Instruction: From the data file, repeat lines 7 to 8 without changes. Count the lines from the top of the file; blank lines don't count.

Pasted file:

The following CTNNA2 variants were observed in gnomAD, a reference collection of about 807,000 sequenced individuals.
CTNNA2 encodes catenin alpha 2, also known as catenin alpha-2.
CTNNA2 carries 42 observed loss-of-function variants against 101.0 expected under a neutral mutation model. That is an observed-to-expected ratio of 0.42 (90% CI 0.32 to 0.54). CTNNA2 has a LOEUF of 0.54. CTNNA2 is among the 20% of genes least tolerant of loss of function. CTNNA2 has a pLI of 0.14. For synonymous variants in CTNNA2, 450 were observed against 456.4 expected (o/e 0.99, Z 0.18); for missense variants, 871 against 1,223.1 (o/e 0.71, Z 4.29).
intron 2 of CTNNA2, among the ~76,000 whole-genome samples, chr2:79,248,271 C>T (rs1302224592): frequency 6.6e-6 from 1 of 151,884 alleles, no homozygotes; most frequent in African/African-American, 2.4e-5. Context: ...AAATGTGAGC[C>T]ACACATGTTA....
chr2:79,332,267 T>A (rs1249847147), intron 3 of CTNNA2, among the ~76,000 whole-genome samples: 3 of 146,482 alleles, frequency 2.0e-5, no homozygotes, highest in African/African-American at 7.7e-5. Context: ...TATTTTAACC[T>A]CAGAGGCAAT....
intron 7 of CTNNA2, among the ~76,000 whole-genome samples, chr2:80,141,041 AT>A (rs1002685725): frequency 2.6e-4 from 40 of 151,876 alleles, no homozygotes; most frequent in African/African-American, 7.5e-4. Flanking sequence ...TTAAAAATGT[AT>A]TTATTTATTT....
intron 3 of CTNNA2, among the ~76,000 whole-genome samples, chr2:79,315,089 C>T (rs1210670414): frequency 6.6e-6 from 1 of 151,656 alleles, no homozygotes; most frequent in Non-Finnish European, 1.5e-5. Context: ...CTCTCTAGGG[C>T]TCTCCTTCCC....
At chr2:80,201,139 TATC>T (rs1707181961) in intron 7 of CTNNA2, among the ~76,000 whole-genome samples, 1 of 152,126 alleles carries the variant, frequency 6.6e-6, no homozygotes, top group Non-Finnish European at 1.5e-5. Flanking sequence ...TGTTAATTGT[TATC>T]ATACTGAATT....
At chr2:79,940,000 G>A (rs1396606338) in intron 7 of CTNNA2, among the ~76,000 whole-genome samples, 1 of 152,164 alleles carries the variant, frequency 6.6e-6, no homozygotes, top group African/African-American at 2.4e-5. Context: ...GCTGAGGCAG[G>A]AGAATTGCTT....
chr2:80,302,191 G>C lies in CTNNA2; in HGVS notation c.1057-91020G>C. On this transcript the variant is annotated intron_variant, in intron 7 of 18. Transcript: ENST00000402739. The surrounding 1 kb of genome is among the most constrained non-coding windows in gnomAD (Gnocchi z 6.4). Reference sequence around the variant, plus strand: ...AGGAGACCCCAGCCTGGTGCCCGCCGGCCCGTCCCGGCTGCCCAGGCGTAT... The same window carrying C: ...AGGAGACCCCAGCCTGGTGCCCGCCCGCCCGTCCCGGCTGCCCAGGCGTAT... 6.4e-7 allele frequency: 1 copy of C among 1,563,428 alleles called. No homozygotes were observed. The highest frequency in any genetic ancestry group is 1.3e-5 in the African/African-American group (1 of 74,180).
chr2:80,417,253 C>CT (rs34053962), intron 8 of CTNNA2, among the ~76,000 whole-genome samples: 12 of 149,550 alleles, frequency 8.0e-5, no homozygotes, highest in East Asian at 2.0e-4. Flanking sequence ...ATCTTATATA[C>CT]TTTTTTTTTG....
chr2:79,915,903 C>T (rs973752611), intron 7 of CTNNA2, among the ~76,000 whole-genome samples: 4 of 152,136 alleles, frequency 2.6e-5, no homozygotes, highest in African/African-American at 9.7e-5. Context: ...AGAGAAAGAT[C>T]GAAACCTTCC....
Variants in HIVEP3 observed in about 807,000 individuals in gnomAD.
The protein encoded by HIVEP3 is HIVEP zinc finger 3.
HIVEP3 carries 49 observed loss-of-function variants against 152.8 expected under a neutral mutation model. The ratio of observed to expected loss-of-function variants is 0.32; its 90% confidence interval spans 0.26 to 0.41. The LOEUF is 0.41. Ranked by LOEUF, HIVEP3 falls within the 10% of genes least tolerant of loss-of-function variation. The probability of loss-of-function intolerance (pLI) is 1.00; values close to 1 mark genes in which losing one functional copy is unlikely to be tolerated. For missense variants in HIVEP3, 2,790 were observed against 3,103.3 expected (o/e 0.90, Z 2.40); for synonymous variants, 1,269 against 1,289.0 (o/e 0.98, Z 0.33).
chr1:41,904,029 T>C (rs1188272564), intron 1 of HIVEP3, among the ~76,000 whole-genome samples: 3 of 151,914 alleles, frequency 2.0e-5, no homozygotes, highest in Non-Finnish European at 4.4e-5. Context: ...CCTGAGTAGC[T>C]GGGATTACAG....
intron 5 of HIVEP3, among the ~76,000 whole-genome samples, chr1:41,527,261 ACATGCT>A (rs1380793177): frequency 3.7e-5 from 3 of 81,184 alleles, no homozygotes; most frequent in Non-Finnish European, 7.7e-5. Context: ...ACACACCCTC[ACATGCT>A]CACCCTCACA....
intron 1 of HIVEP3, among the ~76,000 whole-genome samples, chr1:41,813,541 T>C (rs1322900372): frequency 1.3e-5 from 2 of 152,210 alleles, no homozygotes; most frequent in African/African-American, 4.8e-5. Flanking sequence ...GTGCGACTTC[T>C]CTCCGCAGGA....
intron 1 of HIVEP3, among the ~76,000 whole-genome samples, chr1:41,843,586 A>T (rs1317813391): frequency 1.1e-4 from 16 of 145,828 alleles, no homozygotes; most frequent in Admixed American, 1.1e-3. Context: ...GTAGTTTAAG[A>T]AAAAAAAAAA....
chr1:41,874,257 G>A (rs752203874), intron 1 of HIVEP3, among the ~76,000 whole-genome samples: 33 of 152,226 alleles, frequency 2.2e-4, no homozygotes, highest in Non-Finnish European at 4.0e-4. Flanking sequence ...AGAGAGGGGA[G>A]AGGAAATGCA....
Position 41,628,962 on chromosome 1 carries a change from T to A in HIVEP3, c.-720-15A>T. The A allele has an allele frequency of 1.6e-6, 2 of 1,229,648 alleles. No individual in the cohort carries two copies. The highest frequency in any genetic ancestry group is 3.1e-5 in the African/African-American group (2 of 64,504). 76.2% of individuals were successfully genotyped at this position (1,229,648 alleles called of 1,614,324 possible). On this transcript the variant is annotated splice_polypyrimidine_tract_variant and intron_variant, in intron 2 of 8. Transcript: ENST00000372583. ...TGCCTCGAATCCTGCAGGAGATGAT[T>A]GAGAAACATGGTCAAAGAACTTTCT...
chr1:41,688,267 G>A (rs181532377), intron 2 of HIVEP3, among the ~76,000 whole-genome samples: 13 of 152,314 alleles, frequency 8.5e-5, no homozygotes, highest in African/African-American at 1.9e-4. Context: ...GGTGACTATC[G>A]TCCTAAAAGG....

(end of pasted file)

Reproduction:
intron 3 of CTNNA2, among the ~76,000 whole-genome samples, chr2:79,315,089 C>T (rs1210670414): frequency 6.6e-6 from 1 of 151,656 alleles, no homozygotes; most frequent in Non-Finnish European, 1.5e-5. Context: ...CTCTCTAGGG[C>T]TCTCCTTCCC....
At chr2:80,201,139 TATC>T (rs1707181961) in intron 7 of CTNNA2, among the ~76,000 whole-genome samples, 1 of 152,126 alleles carries the variant, frequency 6.6e-6, no homozygotes, top group Non-Finnish European at 1.5e-5. Flanking sequence ...TGTTAATTGT[TATC>T]ATACTGAATT....